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National Council on Problem Gambling Selects New Communications Manager

George Miller

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NCPG Selects New Communications Manager
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The National Council on Problem Gambling (NCPG), an advocacy organization for people and their families who are experiencing problem gambling and gambling addiction, has announced the selection of Deanna Wilken, MA, as its new Communications Manager.  Wilken will oversee the organization’s external communications and public awareness and outreach efforts.

“We are very pleased to announce this new appointment with NCPG,” says Executive Director Keith Whyte.  “Deanna will bring new ideas and build on the Council’s existing structure to carry forward our communications work on all platforms.  With her capabilities, I am confident we can target our communications efforts on increasing the depth and breadth of our work while continuing to engage our current members.”

Wilken’s resume includes over five years of marketing, communications strategy and planning experience at both for-profit and nonprofit organizations. Prior to joining the National Council on Problem Gambling, she was the Communications Manager for a nonprofit environmental organization in Los Angeles, California, where she was responsible for developing and implementing strategies to market the agency’s programs, expand donor relationships, manage internal and external communications and plan special events. Additionally, she worked as a marketing strategist for Fox Home Entertainment for several years, heading over 40 advertising campaigns for the company.

Ms. Wilken is a graduate of the University of California Los Angeles and the University of Nottingham (UK) and holds a bachelor’s degree in sociology and a master’s degree in international relations.

“I look forward to working with NCPG’s team in their efforts to promote and expand their messaging on problem gambling and responsible gambling,” remarked Wilken.  “NCPG is already doing good work in communicating to a variety of stakeholders and I am excited to shape these efforts as new trends evolve in the gambling industry and the field of behavioral health.”

 

About the National Council on Problem Gambling:

NCPG is the national advocate for problem gamblers and their families.  NCPG is neutral on legalized gambling and works with all stakeholders to promote responsible gaming.  For information on the 33rd National Conference on Gambling Addiction and Responsible Gambling, visit www.ncpgambling.org/conference.

If you or someone you know has a gambling problem, call or text the National Problem Gambling Helpline Network at 1-800-522-4700 or visit www.ncpgambling.org/chat for confidential help.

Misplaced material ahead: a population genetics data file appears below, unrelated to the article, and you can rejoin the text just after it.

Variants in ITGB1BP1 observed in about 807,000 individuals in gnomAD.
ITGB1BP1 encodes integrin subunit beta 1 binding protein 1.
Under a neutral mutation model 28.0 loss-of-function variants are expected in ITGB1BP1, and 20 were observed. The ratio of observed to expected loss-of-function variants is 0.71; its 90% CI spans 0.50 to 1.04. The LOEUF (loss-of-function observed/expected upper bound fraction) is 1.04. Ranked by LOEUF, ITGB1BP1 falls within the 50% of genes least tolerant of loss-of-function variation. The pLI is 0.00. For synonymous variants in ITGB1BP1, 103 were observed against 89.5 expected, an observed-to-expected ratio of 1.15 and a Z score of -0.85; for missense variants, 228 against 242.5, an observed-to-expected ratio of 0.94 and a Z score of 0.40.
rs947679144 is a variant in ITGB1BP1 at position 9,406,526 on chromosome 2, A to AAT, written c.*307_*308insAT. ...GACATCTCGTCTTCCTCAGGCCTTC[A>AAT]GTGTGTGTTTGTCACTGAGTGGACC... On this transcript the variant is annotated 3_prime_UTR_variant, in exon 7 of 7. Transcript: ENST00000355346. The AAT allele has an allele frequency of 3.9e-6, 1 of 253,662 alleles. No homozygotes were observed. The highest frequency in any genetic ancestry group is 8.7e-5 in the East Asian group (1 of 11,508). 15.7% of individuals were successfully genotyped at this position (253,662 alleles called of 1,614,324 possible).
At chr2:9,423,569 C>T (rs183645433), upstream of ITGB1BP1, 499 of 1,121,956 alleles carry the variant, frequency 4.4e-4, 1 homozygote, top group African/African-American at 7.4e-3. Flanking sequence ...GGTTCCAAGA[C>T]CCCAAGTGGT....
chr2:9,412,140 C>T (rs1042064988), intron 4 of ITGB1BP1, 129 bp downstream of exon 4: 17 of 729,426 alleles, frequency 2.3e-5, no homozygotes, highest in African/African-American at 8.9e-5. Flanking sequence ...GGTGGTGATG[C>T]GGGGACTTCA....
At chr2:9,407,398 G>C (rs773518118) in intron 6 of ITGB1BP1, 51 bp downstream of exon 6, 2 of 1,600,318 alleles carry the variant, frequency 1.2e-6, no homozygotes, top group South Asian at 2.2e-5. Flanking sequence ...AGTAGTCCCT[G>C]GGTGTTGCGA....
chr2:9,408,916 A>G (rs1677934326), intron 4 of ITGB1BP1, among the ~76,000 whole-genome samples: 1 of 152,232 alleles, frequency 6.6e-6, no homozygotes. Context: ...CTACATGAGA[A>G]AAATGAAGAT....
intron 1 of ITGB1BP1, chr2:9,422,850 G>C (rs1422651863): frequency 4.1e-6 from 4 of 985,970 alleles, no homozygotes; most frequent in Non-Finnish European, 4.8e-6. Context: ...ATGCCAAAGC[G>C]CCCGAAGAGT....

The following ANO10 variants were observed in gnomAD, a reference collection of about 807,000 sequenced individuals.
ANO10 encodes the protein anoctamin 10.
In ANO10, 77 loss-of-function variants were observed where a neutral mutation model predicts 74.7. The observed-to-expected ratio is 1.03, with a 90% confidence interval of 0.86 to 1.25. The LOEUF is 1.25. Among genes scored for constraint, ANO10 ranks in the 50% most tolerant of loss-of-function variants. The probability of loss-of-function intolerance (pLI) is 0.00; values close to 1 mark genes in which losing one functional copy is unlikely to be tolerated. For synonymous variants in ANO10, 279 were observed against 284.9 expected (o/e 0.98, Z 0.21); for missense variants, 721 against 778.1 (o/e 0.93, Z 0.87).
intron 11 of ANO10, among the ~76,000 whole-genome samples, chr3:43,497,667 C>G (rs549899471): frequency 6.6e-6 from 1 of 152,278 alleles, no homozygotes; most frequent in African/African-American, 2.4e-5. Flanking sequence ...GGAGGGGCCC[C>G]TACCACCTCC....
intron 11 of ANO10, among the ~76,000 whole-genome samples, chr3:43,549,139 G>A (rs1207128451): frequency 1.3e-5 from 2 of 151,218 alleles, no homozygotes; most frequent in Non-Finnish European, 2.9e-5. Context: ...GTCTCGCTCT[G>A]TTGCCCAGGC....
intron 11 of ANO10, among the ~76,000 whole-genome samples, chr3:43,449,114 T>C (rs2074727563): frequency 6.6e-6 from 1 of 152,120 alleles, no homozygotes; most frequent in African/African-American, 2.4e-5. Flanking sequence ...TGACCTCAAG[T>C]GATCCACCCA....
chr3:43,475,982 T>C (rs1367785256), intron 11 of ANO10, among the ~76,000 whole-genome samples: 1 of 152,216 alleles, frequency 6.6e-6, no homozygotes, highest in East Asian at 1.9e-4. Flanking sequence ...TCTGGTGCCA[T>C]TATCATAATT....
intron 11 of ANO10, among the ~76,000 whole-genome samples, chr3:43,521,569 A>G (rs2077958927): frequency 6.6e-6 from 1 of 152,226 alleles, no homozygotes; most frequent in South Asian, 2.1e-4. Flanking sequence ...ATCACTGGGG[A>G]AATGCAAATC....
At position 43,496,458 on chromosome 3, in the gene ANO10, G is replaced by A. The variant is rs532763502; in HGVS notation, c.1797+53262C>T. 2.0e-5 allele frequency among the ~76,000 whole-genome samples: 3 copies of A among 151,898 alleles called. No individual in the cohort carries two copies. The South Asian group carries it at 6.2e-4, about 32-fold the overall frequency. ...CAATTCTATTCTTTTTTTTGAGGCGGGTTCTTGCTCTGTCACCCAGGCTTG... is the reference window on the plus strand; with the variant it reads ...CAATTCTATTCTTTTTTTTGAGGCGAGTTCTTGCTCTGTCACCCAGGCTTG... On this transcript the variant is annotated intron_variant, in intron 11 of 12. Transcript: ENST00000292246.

George Miller started his career in content marketing and has started working as an Editor/Content Manager for our company in 2016. George has acquired many experiences when it comes to interviews and newsworthy content becoming Head of Content in 2017. He is responsible for the news being shared on multiple websites that are part of the European Gaming Media Network.

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Gambling in the USA

Delaware igaming industry performs well in January

Niji Ng

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Delaware igaming industry performs well in January
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The Delaware Lottery’s financial results have shown that igaming performed robustly on the financial front in January 2019, by posting a 57.9 per cent increase in revenues year-on-year.

Revenue rose to $279,541 (£217,970/€247,999), showing a 11.2 per cent month-on-month from December last year.

Players wagered $7.4m across the state’s three licensed igaming sites in January 2019, which represented a 65.5 per cent year-on-year advance, but a 27.7 per cent fall from the $10.3m staked in December 2018. Players won a total of $7.2m during the month.

Video lottery accounted for $190,223.44 of total monthly revenue, a 68.0 per cent share, followed by table games, which contributed a further $66,982.14. Poker rake and fees, on the other hand, contributed just $22,335.51.

Player registrations also grew significantly in January, up 117.3 per cent to 578.

The majority of revenue was generated by Dover Downs, which saw its more than double from $48,215.61 in the prior year to $139,816.37, with 233 players registering to play over the month.